A number of trade organisations representing Europe’s aviation industry have penned a letter suggesting European travellers should have their digital health credentials processed and verified before travelling.
For months, airlines and airports have encouraged the use of digital health credential systems, largely QR codes and phone apps, to verify whether or not travellers have been vaccinated against COVID-19, tested negative, or have recently recovered from the virus.
In recent weeks, Europe has been gearing up to issue European Union Digital COVID Certificates (EUDCC), formally referred to as the EU Digital Green Certificate, across 17 bloc countries.
The certificate serves essentially as a digital vaccine passport, and is due to come into effect from 1 July.
However, European bodies, including the International Air Transport Association, Airlines for Europe, and the European Regions Airline Association, have now warned governments that passengers could face hours-long queues at airports that will cause “chaos”, if Europe doesn’t introduce additional measures to streamline the checking of health credentials.
“As passenger traffic increases in the coming weeks, the risk of chaos at European Airports is real,” the letter read, particularly as many airports and ground staff are not yet equipped with the necessary technology and equipment required to read the QR code data.
Further, according to the aviation bodies, the current EUDCC format will introduce a “worrying patchwork of approaches” to verifying health information, and will make travelling through an airport an even lengthier process.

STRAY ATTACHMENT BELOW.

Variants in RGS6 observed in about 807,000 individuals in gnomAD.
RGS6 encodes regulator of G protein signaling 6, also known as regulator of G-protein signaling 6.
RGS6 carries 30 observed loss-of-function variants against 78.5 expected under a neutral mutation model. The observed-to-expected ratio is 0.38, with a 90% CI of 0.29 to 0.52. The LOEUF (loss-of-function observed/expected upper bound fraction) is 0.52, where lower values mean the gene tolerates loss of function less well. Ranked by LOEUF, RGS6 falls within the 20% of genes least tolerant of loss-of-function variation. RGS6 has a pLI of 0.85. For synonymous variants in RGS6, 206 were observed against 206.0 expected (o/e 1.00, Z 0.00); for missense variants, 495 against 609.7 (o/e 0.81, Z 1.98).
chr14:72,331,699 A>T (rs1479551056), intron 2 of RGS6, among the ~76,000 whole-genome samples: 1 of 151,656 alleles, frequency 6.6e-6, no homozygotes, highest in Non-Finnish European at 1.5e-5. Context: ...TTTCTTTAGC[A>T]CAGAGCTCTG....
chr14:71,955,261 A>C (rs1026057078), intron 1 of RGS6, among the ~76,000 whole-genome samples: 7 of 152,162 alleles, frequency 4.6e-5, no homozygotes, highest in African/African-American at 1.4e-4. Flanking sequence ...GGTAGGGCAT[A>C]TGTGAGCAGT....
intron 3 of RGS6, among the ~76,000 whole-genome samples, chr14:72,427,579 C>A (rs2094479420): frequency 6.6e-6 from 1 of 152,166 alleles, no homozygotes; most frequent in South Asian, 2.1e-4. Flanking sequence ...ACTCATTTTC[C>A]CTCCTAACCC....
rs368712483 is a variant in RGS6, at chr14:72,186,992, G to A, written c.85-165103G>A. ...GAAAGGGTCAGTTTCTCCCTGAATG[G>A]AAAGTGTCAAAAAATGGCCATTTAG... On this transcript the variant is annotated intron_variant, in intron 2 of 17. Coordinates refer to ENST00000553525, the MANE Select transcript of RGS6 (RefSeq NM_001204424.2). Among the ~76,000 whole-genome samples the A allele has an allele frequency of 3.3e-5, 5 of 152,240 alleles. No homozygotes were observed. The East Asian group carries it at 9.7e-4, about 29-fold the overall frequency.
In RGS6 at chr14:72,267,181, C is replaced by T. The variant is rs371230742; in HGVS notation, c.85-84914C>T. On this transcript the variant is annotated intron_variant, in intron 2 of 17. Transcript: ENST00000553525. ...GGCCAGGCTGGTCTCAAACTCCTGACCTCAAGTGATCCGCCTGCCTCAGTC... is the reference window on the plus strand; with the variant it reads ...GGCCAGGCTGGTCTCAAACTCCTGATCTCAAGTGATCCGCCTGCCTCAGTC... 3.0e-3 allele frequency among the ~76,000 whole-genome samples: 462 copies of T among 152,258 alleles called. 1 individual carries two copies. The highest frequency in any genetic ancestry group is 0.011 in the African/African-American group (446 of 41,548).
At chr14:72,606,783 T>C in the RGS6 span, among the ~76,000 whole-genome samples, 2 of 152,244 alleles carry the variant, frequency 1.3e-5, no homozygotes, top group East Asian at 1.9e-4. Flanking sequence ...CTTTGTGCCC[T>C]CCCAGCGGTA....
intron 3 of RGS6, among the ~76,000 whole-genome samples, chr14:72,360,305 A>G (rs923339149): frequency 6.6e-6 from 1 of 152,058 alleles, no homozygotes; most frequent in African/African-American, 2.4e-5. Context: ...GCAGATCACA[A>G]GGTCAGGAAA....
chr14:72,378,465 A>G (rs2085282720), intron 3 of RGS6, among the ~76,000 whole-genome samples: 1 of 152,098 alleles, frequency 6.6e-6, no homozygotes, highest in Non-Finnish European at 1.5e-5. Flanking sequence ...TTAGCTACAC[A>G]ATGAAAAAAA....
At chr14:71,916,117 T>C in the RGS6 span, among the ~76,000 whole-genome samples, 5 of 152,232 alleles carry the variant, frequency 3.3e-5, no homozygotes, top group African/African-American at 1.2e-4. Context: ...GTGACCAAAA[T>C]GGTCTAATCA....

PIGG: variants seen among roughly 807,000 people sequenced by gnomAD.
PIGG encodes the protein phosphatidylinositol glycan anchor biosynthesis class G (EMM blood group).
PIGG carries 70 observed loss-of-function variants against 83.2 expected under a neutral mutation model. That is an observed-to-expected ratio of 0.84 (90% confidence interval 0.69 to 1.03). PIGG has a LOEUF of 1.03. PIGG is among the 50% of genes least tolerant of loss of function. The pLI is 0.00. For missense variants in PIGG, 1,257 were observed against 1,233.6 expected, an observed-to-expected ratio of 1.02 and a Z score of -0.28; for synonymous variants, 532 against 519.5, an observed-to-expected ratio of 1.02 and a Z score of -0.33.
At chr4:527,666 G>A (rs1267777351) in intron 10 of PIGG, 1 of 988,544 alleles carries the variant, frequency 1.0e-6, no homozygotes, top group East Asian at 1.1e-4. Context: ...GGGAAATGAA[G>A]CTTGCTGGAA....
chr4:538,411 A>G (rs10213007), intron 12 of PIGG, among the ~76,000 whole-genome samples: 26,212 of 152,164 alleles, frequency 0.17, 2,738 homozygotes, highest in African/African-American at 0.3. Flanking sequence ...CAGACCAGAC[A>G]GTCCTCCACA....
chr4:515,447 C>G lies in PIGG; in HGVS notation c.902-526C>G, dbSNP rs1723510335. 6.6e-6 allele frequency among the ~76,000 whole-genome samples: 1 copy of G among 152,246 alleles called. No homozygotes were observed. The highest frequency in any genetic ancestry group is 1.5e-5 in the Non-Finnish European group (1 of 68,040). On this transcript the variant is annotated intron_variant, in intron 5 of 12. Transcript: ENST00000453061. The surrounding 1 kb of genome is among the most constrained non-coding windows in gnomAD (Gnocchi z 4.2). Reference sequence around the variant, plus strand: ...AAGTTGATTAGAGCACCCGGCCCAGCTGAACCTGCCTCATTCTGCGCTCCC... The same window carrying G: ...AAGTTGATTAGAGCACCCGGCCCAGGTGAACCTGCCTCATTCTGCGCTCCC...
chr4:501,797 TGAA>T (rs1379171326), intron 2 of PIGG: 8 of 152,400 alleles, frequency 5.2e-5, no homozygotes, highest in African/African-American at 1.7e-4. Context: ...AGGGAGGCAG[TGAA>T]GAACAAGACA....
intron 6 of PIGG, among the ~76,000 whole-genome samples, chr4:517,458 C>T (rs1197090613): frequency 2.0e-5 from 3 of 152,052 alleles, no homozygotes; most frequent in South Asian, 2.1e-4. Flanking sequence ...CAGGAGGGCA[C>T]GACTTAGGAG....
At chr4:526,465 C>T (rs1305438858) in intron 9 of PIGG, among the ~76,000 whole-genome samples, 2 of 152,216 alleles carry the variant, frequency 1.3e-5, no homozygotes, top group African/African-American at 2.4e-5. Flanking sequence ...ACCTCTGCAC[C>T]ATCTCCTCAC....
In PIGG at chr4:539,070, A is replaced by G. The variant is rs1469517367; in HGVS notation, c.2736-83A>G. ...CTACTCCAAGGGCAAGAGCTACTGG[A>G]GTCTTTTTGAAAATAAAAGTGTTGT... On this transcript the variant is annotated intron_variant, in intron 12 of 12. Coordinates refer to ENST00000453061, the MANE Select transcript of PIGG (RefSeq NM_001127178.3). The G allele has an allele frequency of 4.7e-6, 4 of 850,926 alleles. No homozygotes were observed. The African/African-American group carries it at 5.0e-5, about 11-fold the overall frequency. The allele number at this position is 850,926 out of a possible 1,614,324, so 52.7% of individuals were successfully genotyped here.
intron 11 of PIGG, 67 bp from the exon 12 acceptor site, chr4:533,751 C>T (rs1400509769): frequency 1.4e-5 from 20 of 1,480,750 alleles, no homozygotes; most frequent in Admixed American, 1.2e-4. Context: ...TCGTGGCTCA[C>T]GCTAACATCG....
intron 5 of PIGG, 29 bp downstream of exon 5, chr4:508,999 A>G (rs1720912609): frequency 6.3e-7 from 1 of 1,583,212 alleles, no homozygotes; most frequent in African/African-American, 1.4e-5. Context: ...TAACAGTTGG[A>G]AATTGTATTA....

The letter stated that the only way to avoid lengthy delays during the current summer travel season was to introduce a new system, in which both the vaccination certificate and passenger locator forms are processed online and remotely before the passenger arrives at the airport.
Under the proposed system, these checks would be completed in the country of departure, as opposed to the country of arrival, and national governments could then manage and verify the health data.
The letter stated that governments should also be responsible for providing the necessary equipment to check the QR codes.
“A high level of fragmentation and differences in the implementation of the DCC … as well as continued duplication of document checks in several states is alarming,” it said.
ACI Europe director general Olivier Jankovec, one of the signatories, said his airport members were “getting very concerned” over the fact that much of the health data verification process appears to remain manual at airports.
“Coping with this increase [in travellers] is going to be an unprecedented challenge,” he said, arguing that the process needs to be streamlined.
Meanwhile, IATA’s European vice president Rafael Schvartzman said the amount of time spent navigating airports during a journey has doubled, from 1.5 hours before the pandemic, now to three hours.
Schvartzman said that if the world returned to pre-COVID flight capacity, this would theoretically translate into an increase in airport time that blows out to eight hours.